This week’s Heavy Music HQ reviews include releases from Alien Weaponry, Anomaly, Aversio Humanitatis, Brainstorm, Centenary, Charlotte Wessels, Criminal, Eard, Edge Of Paradise, Employed To Serve, Existentia, Ichor, Illt, Insomnium and Intercore.
The ratings are on a 5 star scale.
Alien Weaponry – Tangaroa (Napalm)
Tangaroa, the sophomore release from New Zealand’s Alien Weaponry, has the tribal feel of Sepultura circa Chaos A.D. It is really groove oriented and features a chaotic rhythm section. The overall effect is a modern thrash album that brings a lot of groove to the table. The songs are consistent across the board and continuously manage to excite and entice. They find their footing and never let go.
In terms of musical performances, Lewis de Jong’s guitars feature highly in the mix and do a good job laying waste over top of Henry de Jong’s tight drumming. The singing is tribal in nature and fits the music nicely, though there are definitely improvements that could be had. Still, this is an effective groove-oriented metal album that never fails to excite. It is thus highly recommended for fans of the style.
For their debut album Planet Storm, Anomaly re-recorded their 2019 EP of the same name and added a few new songs at the end of it to make a sort of reimagined/novel hybrid. Though the material comes from two different time periods, it doesn’t come off as disjointed, each half feeding into each other effortlessly.
A slow countdown from a mission control center on opener “Zero Gravity” is preparation for liftoff into the farthest corners of the universe. Space is where it’s at on Planet Storm, and futuristic keyboards and vocoders bolster the setting’s influence. The prog-leaning moments on “Caught In The Ergosphere” and “Remains Of A Cosmic Catastrophe” clash with the charging mannerisms of “A Gift From Theia” and “Subterranean Worlds.” Anomaly keeps their music ever-changing on the satisfying Planet Storm.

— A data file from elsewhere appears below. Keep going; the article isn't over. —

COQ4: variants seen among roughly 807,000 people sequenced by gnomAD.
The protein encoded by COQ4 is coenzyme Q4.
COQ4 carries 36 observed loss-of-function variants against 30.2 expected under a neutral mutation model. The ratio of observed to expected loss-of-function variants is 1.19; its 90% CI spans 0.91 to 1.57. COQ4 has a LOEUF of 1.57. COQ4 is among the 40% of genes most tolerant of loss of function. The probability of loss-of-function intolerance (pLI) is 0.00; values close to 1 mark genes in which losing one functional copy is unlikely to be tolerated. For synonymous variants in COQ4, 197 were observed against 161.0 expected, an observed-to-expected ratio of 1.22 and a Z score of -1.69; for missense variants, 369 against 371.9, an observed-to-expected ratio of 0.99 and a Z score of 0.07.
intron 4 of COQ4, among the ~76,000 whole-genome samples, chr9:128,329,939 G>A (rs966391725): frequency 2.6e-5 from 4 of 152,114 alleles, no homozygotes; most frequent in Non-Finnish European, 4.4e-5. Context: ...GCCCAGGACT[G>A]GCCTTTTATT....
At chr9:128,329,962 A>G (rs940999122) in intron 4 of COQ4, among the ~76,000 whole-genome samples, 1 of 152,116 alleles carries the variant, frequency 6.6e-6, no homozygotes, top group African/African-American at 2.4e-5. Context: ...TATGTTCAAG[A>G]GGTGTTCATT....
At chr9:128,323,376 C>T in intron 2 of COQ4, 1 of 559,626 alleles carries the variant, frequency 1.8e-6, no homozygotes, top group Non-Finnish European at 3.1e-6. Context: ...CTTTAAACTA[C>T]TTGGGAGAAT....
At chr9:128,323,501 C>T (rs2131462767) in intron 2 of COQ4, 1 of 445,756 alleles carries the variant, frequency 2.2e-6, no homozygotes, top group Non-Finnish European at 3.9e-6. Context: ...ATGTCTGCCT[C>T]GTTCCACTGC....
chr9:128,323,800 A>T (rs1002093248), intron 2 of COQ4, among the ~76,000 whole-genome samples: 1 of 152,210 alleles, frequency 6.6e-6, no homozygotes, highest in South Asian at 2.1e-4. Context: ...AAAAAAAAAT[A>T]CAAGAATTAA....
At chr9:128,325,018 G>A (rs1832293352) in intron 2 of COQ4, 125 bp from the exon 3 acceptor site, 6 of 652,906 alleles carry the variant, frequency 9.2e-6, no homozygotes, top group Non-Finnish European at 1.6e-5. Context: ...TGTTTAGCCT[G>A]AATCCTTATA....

Aversio Humanitatis – Silent Dwellers – Live MMXX (Lunar Apparitions)
Just a year ago, Aversio Humanitatis released one of the most intriguing black metal albums of 2020, Behold The Silent Dwellers. The release of the live album Silent Dwellers – Live MMXX is reminiscent of the grandeur and gloom of that album. This live set is 53 minutes of nihilistic black metal that depicts the miserable fate of man in urban life.
When it comes to live performances, what matters the most is the eye-catching stage and lights design, the lively performance of the band, and powerful mixing. Aversio Humanitatis are very successful in all three cases. For those to whom this live album is their first encounter with the band, Live MMXX can be a reliable way to get to know them. By selecting career-spanning songs, Aversio Humanitatis intensely engage the listeners with the withering spirit and nihilistic essence of their music. Silent Dwellers – Live MMXX is a brilliant set with an impressive performance.
Brainstorm – Wall Of Skulls (AFM)
One of the best power metal albums of 2018 was Brainstorm’s Midnight Ghost. Thus it comes as no surprise that Wall Of Skulls, the German outfit’s thirteenth album in the past twenty-five years, has been highly anticipated since it was announced. But how does a band follow up the best album of their career?